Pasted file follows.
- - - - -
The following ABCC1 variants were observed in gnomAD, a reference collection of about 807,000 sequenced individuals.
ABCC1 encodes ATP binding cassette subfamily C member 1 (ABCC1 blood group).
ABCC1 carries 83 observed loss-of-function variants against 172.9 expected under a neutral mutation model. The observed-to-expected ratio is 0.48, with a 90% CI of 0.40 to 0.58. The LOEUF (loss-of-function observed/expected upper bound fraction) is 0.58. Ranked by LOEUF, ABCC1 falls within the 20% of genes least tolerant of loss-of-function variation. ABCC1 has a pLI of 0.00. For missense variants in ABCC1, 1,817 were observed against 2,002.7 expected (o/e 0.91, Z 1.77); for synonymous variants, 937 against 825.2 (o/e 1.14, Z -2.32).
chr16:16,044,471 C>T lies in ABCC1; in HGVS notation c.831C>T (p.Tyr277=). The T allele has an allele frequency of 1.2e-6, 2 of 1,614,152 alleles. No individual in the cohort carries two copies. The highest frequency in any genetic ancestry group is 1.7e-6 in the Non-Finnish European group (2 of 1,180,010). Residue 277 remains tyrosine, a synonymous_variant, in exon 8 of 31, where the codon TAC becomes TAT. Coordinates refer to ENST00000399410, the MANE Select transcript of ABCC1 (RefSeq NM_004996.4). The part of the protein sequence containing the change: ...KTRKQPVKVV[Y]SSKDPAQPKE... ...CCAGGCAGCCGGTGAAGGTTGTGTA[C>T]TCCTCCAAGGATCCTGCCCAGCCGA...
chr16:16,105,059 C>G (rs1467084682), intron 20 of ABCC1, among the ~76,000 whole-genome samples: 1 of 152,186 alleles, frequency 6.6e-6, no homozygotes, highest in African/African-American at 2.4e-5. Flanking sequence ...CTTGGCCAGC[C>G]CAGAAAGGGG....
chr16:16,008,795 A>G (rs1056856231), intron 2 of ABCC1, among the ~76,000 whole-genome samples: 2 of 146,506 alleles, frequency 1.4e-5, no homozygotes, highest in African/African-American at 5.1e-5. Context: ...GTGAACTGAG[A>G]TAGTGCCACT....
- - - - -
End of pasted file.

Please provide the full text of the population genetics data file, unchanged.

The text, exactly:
The following ABCC1 variants were observed in gnomAD, a reference collection of about 807,000 sequenced individuals.
ABCC1 encodes ATP binding cassette subfamily C member 1 (ABCC1 blood group).
ABCC1 carries 83 observed loss-of-function variants against 172.9 expected under a neutral mutation model. The observed-to-expected ratio is 0.48, with a 90% CI of 0.40 to 0.58. The LOEUF (loss-of-function observed/expected upper bound fraction) is 0.58. Ranked by LOEUF, ABCC1 falls within the 20% of genes least tolerant of loss-of-function variation. ABCC1 has a pLI of 0.00. For missense variants in ABCC1, 1,817 were observed against 2,002.7 expected (o/e 0.91, Z 1.77); for synonymous variants, 937 against 825.2 (o/e 1.14, Z -2.32).
chr16:16,044,471 C>T lies in ABCC1; in HGVS notation c.831C>T (p.Tyr277=). The T allele has an allele frequency of 1.2e-6, 2 of 1,614,152 alleles. No individual in the cohort carries two copies. The highest frequency in any genetic ancestry group is 1.7e-6 in the Non-Finnish European group (2 of 1,180,010). Residue 277 remains tyrosine, a synonymous_variant, in exon 8 of 31, where the codon TAC becomes TAT. Coordinates refer to ENST00000399410, the MANE Select transcript of ABCC1 (RefSeq NM_004996.4). The part of the protein sequence containing the change: ...KTRKQPVKVV[Y]SSKDPAQPKE... ...CCAGGCAGCCGGTGAAGGTTGTGTA[C>T]TCCTCCAAGGATCCTGCCCAGCCGA...
chr16:16,105,059 C>G (rs1467084682), intron 20 of ABCC1, among the ~76,000 whole-genome samples: 1 of 152,186 alleles, frequency 6.6e-6, no homozygotes, highest in African/African-American at 2.4e-5. Flanking sequence ...CTTGGCCAGC[C>G]CAGAAAGGGG....
chr16:16,008,795 A>G (rs1056856231), intron 2 of ABCC1, among the ~76,000 whole-genome samples: 2 of 146,506 alleles, frequency 1.4e-5, no homozygotes, highest in African/African-American at 5.1e-5. Context: ...GTGAACTGAG[A>G]TAGTGCCACT....